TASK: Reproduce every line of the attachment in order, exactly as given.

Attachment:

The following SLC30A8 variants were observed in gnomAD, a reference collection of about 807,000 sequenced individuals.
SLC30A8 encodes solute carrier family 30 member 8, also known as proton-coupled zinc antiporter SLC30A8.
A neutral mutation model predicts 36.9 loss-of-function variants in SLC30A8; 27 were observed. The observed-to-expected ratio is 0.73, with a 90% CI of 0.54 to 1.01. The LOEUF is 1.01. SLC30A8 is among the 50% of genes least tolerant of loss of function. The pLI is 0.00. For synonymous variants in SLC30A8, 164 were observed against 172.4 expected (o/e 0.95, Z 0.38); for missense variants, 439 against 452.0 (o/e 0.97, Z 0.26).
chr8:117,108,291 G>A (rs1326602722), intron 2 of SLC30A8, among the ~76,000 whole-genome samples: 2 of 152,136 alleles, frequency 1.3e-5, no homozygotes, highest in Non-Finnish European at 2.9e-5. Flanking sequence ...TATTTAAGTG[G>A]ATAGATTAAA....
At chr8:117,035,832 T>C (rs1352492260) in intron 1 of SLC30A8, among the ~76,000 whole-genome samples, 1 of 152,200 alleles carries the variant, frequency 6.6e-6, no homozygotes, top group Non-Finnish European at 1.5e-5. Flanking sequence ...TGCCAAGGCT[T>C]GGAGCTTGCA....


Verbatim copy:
The following SLC30A8 variants were observed in gnomAD, a reference collection of about 807,000 sequenced individuals.
SLC30A8 encodes solute carrier family 30 member 8, also known as proton-coupled zinc antiporter SLC30A8.
A neutral mutation model predicts 36.9 loss-of-function variants in SLC30A8; 27 were observed. The observed-to-expected ratio is 0.73, with a 90% CI of 0.54 to 1.01. The LOEUF is 1.01. SLC30A8 is among the 50% of genes least tolerant of loss of function. The pLI is 0.00. For synonymous variants in SLC30A8, 164 were observed against 172.4 expected (o/e 0.95, Z 0.38); for missense variants, 439 against 452.0 (o/e 0.97, Z 0.26).
chr8:117,108,291 G>A (rs1326602722), intron 2 of SLC30A8, among the ~76,000 whole-genome samples: 2 of 152,136 alleles, frequency 1.3e-5, no homozygotes, highest in Non-Finnish European at 2.9e-5. Flanking sequence ...TATTTAAGTG[G>A]ATAGATTAAA....
At chr8:117,035,832 T>C (rs1352492260) in intron 1 of SLC30A8, among the ~76,000 whole-genome samples, 1 of 152,200 alleles carries the variant, frequency 6.6e-6, no homozygotes, top group Non-Finnish European at 1.5e-5. Flanking sequence ...TGCCAAGGCT[T>C]GGAGCTTGCA....